Go For It On The Second Beat!
by David Dellenbaugh

After rounding the leeward mark, you must be ready to attack the second beat. This leg is usually critical because it’s your best chance to catch up when you’ve fallen behind or to solidify your lead when you’re ahead. Unfortunately, many sailors do not even think about the second beat as a photocopy of the first beat. But there are many reasons why you should treat the second beat quite differently from the first one:

1. The fleet is more spread out. This means it will be harder to pass (and harder to lose!) other boats. There also may be some boats up ahead that you can watch for windshifts and wind pressure.

2. The second beat is usually longer because the leeward mark is often set to leeward of the starting line. This means the fleet will get farther apart on this leg. It will be harder to cover, but also possible to get more “leverage” if you’re trying to catch up.

3. You are closer to the finish of the race, which affects the amount of risk you’re willing to assume in tactics and strategy.

4. The second beat may be affected by boats still sailing on the previous reach to run. This means you must catch for a different variety of bad air, disturbed water and potential obstructions.

5. The wind and water may seem exactly like they were on the first beat, but it’s later on the day and conditions are always changing. So don’t assume everything is still the same.

Because of all this you must view the second beat as a unique animal. To be fast and smart, you need a fresh perspective on boat-speed, tactics and strategy.

Try these strategy ideas after the leeward mark

Strategizing for the second beat is a lot like planning for any other leg. You strategy (the plan you make for getting to the windward mark as quickly as possible) should be in place before you round the leeward mark. It doesn’t have to be too complicated, but it should consider a number of factors like wind velocity, wind shifts, current, waves and the location of the next mark (but not the presence or actions of your competitors).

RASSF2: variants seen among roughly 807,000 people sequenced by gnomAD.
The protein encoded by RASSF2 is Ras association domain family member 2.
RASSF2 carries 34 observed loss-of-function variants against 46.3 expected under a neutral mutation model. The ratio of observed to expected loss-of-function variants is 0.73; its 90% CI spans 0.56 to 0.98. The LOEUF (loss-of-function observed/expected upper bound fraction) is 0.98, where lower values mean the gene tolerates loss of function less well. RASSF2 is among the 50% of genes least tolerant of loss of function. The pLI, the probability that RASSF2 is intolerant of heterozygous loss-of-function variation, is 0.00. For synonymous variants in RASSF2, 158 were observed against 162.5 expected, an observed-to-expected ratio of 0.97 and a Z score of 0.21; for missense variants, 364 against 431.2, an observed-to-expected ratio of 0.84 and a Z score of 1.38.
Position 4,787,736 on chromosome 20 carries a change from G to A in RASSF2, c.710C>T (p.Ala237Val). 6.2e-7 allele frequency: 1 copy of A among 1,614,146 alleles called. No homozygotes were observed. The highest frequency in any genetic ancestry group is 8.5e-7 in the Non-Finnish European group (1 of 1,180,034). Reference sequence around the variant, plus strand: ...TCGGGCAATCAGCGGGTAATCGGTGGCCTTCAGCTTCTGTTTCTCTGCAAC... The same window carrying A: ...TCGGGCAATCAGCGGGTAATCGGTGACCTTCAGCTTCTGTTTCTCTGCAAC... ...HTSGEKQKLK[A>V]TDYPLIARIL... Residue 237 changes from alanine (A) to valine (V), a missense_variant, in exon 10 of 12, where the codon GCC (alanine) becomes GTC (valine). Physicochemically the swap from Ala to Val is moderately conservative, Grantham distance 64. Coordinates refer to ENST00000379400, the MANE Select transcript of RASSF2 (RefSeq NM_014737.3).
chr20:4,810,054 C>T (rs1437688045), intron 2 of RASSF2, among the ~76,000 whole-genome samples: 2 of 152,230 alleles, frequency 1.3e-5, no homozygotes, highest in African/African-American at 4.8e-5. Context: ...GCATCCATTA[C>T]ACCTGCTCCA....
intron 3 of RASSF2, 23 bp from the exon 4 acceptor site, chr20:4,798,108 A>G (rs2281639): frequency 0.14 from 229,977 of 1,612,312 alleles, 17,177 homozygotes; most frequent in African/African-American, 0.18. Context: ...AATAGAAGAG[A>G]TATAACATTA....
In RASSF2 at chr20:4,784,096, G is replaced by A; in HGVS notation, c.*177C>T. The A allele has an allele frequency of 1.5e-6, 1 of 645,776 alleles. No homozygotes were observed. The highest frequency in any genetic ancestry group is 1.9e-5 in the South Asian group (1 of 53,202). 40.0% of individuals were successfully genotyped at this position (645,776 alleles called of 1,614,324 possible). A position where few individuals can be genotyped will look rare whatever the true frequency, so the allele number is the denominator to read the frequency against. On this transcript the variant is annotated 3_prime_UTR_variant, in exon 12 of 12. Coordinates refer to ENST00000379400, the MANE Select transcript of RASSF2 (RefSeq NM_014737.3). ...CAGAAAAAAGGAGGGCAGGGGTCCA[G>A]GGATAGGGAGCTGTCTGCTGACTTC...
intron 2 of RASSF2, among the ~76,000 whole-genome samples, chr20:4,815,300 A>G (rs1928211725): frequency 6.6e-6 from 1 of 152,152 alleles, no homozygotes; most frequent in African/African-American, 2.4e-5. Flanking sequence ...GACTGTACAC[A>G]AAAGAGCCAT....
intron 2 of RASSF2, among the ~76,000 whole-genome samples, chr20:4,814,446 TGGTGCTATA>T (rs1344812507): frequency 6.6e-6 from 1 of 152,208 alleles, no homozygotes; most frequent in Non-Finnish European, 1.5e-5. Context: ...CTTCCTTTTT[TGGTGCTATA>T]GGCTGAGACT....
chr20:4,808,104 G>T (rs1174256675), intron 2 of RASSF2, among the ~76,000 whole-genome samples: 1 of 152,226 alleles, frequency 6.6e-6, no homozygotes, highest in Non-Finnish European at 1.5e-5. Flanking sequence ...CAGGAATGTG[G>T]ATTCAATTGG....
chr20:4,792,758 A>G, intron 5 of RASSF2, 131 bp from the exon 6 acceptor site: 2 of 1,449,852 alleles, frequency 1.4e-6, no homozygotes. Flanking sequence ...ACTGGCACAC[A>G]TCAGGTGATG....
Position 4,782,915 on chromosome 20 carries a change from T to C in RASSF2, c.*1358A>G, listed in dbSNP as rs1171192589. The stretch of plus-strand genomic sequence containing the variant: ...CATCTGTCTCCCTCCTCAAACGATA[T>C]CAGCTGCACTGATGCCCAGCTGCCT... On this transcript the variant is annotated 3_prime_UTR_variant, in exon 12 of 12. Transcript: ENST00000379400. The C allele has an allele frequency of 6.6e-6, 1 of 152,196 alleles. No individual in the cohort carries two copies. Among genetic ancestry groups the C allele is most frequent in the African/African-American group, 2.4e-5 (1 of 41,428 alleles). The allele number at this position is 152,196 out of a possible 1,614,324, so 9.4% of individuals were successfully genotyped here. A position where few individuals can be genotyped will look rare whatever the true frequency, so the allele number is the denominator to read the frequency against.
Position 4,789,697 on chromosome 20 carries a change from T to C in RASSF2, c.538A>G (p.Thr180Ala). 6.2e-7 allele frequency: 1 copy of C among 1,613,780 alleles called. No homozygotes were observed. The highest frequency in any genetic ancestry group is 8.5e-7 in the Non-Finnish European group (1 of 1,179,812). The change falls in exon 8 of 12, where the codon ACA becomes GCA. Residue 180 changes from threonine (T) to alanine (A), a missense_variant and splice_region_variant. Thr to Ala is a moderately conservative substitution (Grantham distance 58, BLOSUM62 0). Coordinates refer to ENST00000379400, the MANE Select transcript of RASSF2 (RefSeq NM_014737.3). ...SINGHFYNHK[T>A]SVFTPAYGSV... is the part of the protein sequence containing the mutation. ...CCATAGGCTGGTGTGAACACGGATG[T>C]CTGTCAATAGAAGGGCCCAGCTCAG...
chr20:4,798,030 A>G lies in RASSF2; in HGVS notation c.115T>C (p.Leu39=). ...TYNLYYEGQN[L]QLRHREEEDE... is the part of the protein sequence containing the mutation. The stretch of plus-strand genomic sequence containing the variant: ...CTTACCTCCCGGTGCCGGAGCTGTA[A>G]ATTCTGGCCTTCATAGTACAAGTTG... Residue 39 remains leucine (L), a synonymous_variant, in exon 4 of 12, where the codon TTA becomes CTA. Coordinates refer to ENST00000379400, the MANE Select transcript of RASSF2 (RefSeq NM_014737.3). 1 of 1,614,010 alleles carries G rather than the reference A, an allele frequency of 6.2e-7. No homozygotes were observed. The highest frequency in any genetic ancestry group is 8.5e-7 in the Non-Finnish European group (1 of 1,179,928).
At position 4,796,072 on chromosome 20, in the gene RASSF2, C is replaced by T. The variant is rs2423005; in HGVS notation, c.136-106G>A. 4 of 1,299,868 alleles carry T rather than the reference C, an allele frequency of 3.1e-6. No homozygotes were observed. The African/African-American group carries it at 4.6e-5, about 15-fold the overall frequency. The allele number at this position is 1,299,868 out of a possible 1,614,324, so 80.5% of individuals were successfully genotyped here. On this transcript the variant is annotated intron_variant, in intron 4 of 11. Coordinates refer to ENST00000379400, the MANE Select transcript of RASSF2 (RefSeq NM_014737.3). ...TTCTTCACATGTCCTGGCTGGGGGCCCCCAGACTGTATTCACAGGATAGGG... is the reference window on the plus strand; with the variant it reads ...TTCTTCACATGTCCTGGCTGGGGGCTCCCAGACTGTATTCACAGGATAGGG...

One of the good things about planning for the second beat is that you can draw from a lot of recent history. Since you have been racing for at least the last half hour, think back on patterns you’ve been seeing in wind velocity and directions. What do you do for the next 15 to 20 minutes?

Often you can use information about what happened on the first beat. If the boats that were leading at the windward mark all came from the right side, for example, the you should probably consider that side of the second beat (especially if their gain was due to a geographic wind effect). You shouldn’t just blindly bang the right corner, though, because the wind conditions are always changing - and maybe the left side will be favored this time.